ATI's Radeon X800 XL 512MB - A toe in the 512MB poolby Anand Lal Shimpi on May 4, 2005 9:27 AM EST
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256MB vs. 512MB - The Real World Performance DifferenceMore local GPU memory is never a bad thing, but it must be taken advantage of to be worth its high cost. That means we need games with larger textures and higher detail levels to truly require 512MB cards, but given that the majority of gamers still have 64MB or less on their graphics cards - it's going to be a while before 512MB is necessary. Game developers are notorious for developing "for the masses" and thus, will spend very little time on that which can only be taken advantage of by owners of $500+ graphics cards, today's 512MB card included.
ATI's own marketing literature claims that the X800 XL 512MB offers up to a 40% performance increase over the 256MB X800 XL...at 1600 x 1200, with 6X anti-aliasing and 16X anisotropic filtering enabled. The problem is that at such high resolutions with AA/AF cranked up, the X800 XL doesn't have the fill rate or the memory bandwidth to offer reasonable frame rates in most games, which is why we find the X800 XL 512MB to be more of a mismatch than anything else. A faster GPU with more memory bandwidth would be able to offer more real world benefit when coupled with 512MB of memory than the X800 XL.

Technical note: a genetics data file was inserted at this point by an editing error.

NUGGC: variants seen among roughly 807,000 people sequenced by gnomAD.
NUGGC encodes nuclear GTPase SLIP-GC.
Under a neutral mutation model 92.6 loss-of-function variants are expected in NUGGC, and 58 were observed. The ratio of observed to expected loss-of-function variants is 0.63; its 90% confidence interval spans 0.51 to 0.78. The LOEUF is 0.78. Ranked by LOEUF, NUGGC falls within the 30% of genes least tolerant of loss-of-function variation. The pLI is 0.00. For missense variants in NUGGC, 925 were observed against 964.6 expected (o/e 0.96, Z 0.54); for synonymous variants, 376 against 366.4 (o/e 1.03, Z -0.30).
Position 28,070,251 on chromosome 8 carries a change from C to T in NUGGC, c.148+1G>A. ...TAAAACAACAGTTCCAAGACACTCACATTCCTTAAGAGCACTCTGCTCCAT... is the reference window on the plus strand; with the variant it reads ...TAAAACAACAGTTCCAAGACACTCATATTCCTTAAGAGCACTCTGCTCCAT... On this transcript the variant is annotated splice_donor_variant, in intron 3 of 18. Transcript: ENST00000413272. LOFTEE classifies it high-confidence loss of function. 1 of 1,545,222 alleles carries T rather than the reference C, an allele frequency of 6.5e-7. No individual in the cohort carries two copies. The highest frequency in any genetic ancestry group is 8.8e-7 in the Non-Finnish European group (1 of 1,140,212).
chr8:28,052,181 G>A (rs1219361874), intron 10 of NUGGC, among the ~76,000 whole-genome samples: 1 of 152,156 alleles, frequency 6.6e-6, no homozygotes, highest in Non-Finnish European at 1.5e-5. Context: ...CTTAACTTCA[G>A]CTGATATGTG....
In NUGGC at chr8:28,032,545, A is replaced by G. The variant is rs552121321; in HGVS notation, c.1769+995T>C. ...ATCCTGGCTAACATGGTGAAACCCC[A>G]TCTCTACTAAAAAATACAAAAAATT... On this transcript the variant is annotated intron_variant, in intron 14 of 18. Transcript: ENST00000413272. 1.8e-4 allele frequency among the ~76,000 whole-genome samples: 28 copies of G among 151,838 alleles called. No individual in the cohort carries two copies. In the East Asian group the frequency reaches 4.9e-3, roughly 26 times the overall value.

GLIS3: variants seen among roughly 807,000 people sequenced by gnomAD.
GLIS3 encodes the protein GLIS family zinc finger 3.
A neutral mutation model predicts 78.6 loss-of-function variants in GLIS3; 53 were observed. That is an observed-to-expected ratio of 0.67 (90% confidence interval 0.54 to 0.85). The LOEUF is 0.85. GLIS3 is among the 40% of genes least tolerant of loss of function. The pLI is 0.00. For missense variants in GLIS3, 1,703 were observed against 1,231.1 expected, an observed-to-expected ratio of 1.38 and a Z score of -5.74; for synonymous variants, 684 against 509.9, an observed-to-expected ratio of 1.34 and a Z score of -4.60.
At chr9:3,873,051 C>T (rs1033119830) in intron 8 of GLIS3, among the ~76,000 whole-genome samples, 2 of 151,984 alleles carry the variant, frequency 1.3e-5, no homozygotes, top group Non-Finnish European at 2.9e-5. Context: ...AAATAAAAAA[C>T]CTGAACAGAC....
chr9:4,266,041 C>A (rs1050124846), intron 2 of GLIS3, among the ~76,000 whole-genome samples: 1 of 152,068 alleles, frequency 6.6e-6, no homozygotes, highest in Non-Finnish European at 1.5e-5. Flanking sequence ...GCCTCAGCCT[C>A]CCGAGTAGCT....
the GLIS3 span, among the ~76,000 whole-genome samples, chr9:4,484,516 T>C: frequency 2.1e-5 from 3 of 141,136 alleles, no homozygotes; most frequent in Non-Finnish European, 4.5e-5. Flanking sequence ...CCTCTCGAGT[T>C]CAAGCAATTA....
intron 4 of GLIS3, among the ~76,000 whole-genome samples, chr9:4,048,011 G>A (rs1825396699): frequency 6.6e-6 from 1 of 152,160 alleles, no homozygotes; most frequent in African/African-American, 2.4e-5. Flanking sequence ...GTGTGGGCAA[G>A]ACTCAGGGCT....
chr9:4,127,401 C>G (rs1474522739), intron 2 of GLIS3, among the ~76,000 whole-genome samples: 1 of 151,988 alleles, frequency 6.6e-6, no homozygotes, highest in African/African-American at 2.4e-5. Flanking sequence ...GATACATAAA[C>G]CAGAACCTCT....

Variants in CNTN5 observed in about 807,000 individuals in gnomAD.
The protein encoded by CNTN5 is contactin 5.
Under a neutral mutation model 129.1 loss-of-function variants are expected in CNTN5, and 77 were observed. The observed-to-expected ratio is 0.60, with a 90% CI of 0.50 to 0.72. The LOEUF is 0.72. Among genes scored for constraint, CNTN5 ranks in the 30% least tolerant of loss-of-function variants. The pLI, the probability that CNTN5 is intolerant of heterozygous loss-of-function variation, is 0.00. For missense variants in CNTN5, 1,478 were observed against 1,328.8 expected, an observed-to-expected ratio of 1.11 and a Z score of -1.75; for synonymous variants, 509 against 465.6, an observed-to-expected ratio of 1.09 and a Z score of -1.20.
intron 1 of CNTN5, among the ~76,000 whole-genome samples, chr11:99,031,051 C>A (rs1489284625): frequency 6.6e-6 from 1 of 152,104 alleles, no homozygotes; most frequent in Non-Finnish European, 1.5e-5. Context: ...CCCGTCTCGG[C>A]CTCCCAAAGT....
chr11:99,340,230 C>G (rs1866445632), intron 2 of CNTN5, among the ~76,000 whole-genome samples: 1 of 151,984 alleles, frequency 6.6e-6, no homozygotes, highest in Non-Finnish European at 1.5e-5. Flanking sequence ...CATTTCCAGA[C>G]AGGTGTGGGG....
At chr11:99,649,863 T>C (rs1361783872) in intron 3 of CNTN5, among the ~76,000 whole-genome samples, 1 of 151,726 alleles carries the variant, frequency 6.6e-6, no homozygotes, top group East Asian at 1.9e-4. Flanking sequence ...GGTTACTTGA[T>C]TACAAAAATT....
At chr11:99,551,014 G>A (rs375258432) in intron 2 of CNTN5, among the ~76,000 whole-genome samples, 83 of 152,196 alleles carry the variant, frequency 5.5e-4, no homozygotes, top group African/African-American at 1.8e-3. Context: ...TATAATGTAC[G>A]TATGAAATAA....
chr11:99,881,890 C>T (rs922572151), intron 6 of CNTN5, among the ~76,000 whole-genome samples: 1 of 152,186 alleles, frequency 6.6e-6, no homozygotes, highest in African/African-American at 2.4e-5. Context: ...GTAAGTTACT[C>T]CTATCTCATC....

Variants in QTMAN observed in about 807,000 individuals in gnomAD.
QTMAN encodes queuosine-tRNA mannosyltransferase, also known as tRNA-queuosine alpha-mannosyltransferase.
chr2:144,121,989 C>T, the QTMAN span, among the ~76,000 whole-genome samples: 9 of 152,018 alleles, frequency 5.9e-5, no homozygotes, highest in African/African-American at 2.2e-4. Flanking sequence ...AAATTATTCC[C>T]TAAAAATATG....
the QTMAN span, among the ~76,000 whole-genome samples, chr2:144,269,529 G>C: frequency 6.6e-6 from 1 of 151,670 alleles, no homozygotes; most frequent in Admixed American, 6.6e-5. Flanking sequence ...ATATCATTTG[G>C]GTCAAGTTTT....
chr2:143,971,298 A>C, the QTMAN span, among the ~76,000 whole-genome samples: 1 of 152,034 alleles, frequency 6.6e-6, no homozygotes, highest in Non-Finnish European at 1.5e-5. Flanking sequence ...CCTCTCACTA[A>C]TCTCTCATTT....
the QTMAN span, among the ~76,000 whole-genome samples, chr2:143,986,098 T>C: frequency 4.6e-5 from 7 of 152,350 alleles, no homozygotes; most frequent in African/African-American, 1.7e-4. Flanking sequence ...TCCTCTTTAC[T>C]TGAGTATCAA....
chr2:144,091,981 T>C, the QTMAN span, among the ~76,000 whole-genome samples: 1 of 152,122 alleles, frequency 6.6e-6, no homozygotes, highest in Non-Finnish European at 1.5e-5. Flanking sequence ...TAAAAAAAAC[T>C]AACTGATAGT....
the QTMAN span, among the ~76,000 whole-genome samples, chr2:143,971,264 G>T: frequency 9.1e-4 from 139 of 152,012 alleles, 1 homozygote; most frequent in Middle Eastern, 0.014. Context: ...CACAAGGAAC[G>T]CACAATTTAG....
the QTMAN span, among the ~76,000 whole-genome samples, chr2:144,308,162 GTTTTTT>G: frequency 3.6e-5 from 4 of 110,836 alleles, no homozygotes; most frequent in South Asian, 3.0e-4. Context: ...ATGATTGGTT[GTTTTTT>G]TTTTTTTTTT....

That being said, let's look at the performance breakdown for the X800 XL 256MB vs. X800 XL 512MB at 1600 x 1200 with 4X AA and 8X AF enabled - pretty aggressive settings for the X800 XL to begin with.
As you can see, there is less than a 1% performance advantage to having 512MB with the X800 XL, even at these aggressive settings in four of the five benchmarks. In Half Life 2, the 512MB card actually offers a fairly reasonable 11% increase in performance, but in the other games, the performance advantage is nothing. The other thing to keep in mind is that 1600x1200 with 4X AA and 8X AF enabled is not the sweet spot for the X800 XL. In Chronicles of Riddick, for example, the performance offered at these settings just isn't smooth at all.
The Half Life 2 performance boost is particularly interesting, but that was the only game we encountered where the performance boost was not only reasonable, but the game was also fairly smooth in actual game play. However, at the price of the X800 XL 512MB, you are better off just purchasing an X850 XT and getting better performance across the board, including Half Life 2.
Although the single graph on this page pretty much tells the story of the X800 XL 512MB, we've included performance results from both X800 XL cards, the X850 XT as well as NVIDIA's GeForce 6800GT and 6800 Ultra on the coming pages, if you want to see things in perspective. We included the X850 XT and 6800 Ultra in the comparisons because it is priced similarly to the X800 XL 512MB's suggested retail price.
The TestAMD Athlon 64 Configuration
Athlon 64 4000+ Socket-939 CPU
2 x 512MB OCZ PC3200 EL Dual Channel DIMMs 2-2-2-10
ASUS nForce4 SLI Motherboard
ATI Catalyst 5.4 Drivers
NVIDIA 71.89 Drivers